There was consensus from both the President’s allies and those supporting the DP that Uhuru was tough and appeared unwilling to take any more criticism from leaders who have been fighting him and his agenda, mostly over the fight against corruption and the national cohesion project under the Building the Bridges Initiative (BBI).

The BBI is a product of the March 9, 2018 Handshake between the Head of State and opposition leader Raila Odinga.

Soy MP Caleb Kositany, a close ally of the DP, described the President’s tone as “terrible and authoritative”, saying Uhuru was “too harsh” on the legislators, even as he protested that Washiali and Mbarire’s removal was due to their association with Ruto, not incompetence.

“The President’s tone was terrible and thank God he even swallowed some words. He didn’t let them out. It was ‘either my way or the highway’.

These people (Washiali and Mbarire) have been removed solely because they seem to be on the same agenda with the Deputy President,” the MP who is the Jubilee Party deputy secretary general said.

“We have waited for a PG for three years and any serious political party that has not had a meeting for three years should sit the whole day to deliberate on issues that have accumulated over that time.

No body spoke, only the master of ceremonies who welcomed someone to prayer, then called Tuju who called the DP, who then called the President,” he said.

Two years

Another MP from Central Kenya who wished not to be named, said other than effecting the changes in the House leadership, the President used the meeting to assert his authority as the Head of State and also as the leader of a party whose members he expected to support his agenda.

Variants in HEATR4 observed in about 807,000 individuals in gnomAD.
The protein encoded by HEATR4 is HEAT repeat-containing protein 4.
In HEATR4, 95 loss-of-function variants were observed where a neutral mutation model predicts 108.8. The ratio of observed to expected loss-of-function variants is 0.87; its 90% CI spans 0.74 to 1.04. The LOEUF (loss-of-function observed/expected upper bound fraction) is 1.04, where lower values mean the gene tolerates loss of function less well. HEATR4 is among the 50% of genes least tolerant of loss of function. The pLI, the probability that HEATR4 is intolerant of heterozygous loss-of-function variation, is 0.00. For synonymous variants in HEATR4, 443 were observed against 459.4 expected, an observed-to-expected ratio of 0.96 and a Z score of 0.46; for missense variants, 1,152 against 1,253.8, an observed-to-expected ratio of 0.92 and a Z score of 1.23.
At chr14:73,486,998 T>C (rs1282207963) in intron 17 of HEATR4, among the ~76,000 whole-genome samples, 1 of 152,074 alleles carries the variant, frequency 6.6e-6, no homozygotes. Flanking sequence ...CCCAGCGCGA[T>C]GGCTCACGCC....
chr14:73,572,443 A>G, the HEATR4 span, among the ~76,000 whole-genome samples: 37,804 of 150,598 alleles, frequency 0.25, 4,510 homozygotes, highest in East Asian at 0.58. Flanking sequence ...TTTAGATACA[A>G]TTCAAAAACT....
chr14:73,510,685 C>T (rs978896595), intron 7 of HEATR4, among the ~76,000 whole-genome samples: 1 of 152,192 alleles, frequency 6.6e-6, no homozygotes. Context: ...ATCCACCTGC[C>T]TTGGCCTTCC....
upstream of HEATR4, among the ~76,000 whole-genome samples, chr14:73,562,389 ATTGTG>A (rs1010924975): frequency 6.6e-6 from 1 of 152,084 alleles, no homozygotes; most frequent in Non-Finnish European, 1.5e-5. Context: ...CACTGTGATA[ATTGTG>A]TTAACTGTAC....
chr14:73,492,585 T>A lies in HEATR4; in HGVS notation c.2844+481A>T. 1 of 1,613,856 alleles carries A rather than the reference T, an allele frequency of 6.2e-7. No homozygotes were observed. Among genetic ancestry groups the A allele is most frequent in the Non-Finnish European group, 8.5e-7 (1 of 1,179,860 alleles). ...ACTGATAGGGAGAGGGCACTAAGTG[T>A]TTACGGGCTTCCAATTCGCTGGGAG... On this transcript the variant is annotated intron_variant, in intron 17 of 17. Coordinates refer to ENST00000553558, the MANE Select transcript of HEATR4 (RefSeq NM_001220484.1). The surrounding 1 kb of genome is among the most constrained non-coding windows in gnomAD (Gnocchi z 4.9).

“The meeting was tense. The boss was very annoyed and I think he did what he wanted to do.

He was authoritative; there was no doubt about that. He reiterated the words he said during the first PG about serving Kenyans, and that he has two years pending to deliver and for those who do not want to work with him, they must respect him,” said the MP.

“Even Duale knows he was going, because I think the boss had made a decision not to remove him because he actually was to read something but went silent.

He said that he was once told by an elder that whenever his father (founding President Jomo Kenyatta) drew a sword, he always chopped some meat but in his case he sometimes returns the sword to the sheath without cutting.”

According to the legislators, the President did not say anything about Duale. He only read the names of the other leaders and asked the MPs to endorse them.

Nyeri Town MP Ngunjiri Wambugu, who has been campaigning for Duale’s sacking, however, welcomed Uhuru’s move, saying it was the President’s the prerogative to decide on one’s loyalty.

“I have been categorical that I was not sure that Duale was the right person for the position but that decision belongs to the President who is the boss. If the boss has decided to keep him, we will support the decision because ours is to support the President,” said the MP, a fierce critic of the DP.

Gatanga MP Ngugi Ndiati, an ally of the President, said the changes were necessary because they will help Uhuru work with people who support his agenda.

“The team that has been picked is a great one and it’s loyal to the President and we are sure that they are going to help him in implementing his agenda,” the MP said.